Links for early May 2012

I’ve grouped this collection roughly by theme: psychology articles first, then history articles and timelapse videos, and finally some animal stories.

  • The science of depression. An overview placing current theory in a historical perspective.
  • Alternating gender identity: male, female, male, female, male.
  • Using a foreign language helps to make more analytical decisions (alternate coverage).
  • To tickle yourself, you have to be a little mad.
  • Interesting studies into how people use language in relationships (particularly pronouns and other short words).
  • How a virus brought down the 17th century Dutch economy.
  • Two articles on Victorian era history: a short one about opium and a long one about crime.
  • Interview with Neil Armstrong. [Update: This is no longer available, but I can’t believe anyone would remove such a historically important interview altogether, so please leave a comment if you know where it can be obtained.]
  • Two outstanding timelapse videos: one from Yosemite in America and one from Venice. (The latter has a somewhat anti-climactic ending, but that is my only reservation.)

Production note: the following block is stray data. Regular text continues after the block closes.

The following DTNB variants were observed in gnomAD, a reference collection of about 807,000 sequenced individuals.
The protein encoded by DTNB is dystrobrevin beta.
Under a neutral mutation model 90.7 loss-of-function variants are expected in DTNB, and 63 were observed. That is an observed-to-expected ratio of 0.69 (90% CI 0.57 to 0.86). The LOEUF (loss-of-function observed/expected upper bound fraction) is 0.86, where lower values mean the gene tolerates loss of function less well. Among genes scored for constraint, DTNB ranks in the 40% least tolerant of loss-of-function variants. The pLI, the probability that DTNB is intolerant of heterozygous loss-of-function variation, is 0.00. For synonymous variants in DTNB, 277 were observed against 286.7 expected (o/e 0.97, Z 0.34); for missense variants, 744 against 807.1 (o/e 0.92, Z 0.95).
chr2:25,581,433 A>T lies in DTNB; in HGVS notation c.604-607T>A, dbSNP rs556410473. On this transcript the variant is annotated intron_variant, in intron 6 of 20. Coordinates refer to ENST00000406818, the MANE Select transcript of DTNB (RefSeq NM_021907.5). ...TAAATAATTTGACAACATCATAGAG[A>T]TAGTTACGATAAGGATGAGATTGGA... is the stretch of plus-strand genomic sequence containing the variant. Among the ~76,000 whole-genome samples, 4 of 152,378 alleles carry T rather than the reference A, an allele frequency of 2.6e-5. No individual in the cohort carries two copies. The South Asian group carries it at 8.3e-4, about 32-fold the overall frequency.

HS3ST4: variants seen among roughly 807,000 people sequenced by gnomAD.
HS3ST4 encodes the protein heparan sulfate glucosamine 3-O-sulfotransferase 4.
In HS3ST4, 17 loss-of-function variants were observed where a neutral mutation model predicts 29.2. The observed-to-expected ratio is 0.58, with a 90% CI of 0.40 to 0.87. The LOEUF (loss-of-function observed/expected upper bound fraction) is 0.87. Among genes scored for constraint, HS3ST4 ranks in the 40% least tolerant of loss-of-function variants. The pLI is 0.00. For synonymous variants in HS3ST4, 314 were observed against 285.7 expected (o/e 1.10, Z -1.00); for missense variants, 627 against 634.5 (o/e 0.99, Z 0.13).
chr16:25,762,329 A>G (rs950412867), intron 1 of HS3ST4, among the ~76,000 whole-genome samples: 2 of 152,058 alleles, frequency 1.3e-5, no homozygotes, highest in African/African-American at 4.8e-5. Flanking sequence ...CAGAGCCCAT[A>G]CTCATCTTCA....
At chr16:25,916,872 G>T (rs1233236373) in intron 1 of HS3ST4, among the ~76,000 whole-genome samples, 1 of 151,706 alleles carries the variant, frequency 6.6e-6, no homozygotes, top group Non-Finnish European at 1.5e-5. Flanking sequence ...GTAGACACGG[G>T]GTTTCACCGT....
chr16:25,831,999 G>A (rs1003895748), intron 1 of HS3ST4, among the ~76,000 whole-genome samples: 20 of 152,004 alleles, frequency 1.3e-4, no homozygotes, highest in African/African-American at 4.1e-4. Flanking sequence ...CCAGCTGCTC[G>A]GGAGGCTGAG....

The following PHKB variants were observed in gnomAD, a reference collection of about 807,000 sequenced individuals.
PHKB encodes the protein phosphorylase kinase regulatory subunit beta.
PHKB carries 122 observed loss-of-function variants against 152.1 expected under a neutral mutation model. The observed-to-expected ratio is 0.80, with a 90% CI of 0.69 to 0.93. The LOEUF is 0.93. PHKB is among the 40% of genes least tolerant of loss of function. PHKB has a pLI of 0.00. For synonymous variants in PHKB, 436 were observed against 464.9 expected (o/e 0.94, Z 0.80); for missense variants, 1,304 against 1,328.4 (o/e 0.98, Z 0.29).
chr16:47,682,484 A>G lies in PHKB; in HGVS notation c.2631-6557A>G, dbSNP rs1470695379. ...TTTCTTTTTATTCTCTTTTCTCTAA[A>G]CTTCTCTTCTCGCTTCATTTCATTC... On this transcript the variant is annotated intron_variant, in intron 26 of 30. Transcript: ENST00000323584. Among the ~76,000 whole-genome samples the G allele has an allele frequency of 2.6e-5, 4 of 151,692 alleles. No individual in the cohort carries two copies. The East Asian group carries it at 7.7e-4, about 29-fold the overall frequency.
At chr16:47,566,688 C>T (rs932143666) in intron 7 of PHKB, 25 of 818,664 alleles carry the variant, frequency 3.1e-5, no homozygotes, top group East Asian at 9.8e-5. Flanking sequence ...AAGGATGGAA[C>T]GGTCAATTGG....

• A girl’s first twelve years of life condensed into three minutes.
  • First tetrapods used dermal bone to help with breathing on land.
  • How penguins manipulate bubbles to propel themselves from the water.
  • Video of lion failing to eat a human baby. (I vehemently disagree with the people who have moral concerns regarding this video.)

Postscript: I recently learned that a friend and old schooteacher of mine, Tim Tuck, now has a blog. It’s mostly resources for primary school music and drama teachers, so not a huge target audience, but I thought I’d mention it. Probably of wider appeal are the musicals he’s written (I’ve known about that site for some time, but probably haven’t mentioned it here).

You are welcome to add your thoughts.

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